05:21 GMT +323 November 2019
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    A worker of the National Electoral Council (CNE) configures a voting machine in front of a mural depicting Venezuela's late President Hugo Chavez at a school in Caracas, December 4, 2015. Venezuela will hold parliamentary elections on December 6.

    Venezuela’s Continued Dependence on Oil 'Fuels Opposition Backed by US'

    © REUTERS / Marco Bello
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    Miguel Tinker Salas, Professor of Latin American History at Pomona College, told Radio Sputnik that the recent string of coups in Latin American countries is rooted in the dynamics of the commodities market.

    Nearly 520,000 troops are reportedly taking part in Venezuela's biggest-ever military drills, described as a preparatory measure against external and domestic threats. Analysts say the move is designed as a warning to Washington, which renewed an executive order issued last March that declared Venezuela a threat to its national security. The order allows the US government to impose sanctions on Venezuela.

    Earlier, Venezuela's president Nicolas Maduro accused the US of using continued street protests to attempt a coup against his government and plotting to blow up the presidential palace, to "get their hands on Venezuelan oil".

    "In terms of Maduro's concerns about the US, it's no doubt that the US has signaled Venezuela for regime change, that was true under the Bush administration, it's true under the Obama administration," Tinker Salas told Radio Sputnik.

    "Maduro has not been able to provide exact proof of a smoking gun in the context of US intervention. But yes, we do know that Washington has signaled Venezuela for regime change, has imposed sanctions on Venezuela officials, and has continually pointed to Venezuela as this country that most seeks to have regime change in Latin America."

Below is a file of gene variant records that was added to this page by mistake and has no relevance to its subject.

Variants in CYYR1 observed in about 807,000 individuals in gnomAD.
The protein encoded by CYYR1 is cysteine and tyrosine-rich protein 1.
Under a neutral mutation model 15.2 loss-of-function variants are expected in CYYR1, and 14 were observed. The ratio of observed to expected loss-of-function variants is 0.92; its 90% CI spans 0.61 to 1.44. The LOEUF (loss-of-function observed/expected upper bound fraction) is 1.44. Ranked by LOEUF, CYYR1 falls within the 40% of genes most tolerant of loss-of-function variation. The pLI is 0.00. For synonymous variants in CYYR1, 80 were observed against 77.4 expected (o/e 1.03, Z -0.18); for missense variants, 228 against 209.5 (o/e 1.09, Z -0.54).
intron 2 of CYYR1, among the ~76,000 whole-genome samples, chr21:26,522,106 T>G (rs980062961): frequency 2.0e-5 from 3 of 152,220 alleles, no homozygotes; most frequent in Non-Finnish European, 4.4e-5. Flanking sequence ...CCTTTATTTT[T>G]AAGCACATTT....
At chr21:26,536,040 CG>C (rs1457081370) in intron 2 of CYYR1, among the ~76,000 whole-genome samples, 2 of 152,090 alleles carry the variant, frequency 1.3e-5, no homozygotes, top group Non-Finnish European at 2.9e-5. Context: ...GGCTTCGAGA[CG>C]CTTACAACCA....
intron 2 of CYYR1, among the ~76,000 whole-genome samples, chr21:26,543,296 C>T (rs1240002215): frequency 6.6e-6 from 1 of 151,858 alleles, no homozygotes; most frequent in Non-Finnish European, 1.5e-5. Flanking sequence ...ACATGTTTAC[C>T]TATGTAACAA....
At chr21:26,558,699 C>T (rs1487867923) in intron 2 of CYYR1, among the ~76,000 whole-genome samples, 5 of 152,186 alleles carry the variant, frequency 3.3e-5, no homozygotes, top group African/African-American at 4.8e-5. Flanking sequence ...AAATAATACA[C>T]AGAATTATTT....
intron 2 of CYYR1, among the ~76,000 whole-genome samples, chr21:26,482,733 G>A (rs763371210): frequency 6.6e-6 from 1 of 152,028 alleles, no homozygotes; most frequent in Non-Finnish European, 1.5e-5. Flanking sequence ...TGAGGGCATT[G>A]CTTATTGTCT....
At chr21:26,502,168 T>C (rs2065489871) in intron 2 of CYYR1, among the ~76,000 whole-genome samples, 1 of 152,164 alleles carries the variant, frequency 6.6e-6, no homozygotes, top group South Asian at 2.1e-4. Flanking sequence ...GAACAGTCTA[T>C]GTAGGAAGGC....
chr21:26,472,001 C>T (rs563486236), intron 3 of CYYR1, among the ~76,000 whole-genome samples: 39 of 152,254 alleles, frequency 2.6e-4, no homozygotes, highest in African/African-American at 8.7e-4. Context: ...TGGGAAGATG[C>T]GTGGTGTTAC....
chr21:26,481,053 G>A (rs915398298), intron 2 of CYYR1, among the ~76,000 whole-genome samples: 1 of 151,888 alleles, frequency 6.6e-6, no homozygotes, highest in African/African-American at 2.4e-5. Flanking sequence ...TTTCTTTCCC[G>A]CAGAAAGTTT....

​According to Tinker Salas, the roots of the crisis are "based on Venezuela's continued dependence on oil", which increased during the era of Chaves who "was using the high price of oil to try to mitigate social conditions in the country, including poverty."

    As crude accounts for 96 percent of the country's export revenues, Venezuela is now suffering amid lower oil prices which fuel the opposition, consistently supported by Washington, Tinker Salas said.

    "Venezuela is extremely vulnerable and oil continues to distort the economy, causing food shortages, promoting inflation… and now has emboldened the opposition who is in a process of a recall."

    He added that all the recent coups in the region were basically triggered by the drop of commodity prices and "a bit of exhaustion on the part of the left agenda in terms of how deal with the volatility of commodities in the context of an export economy."

    "All these governments — Brazil, Argentina, Bolivia, Ecuador or Venezuela — were still wholly dependent on the sale of commodities. So the Drop in commodity prices really has exposed the vulnerability of many of the leftist governments," he concluded.


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    coup, oil prices, Nicolas Maduro, Barack Obama, United States, Venezuela
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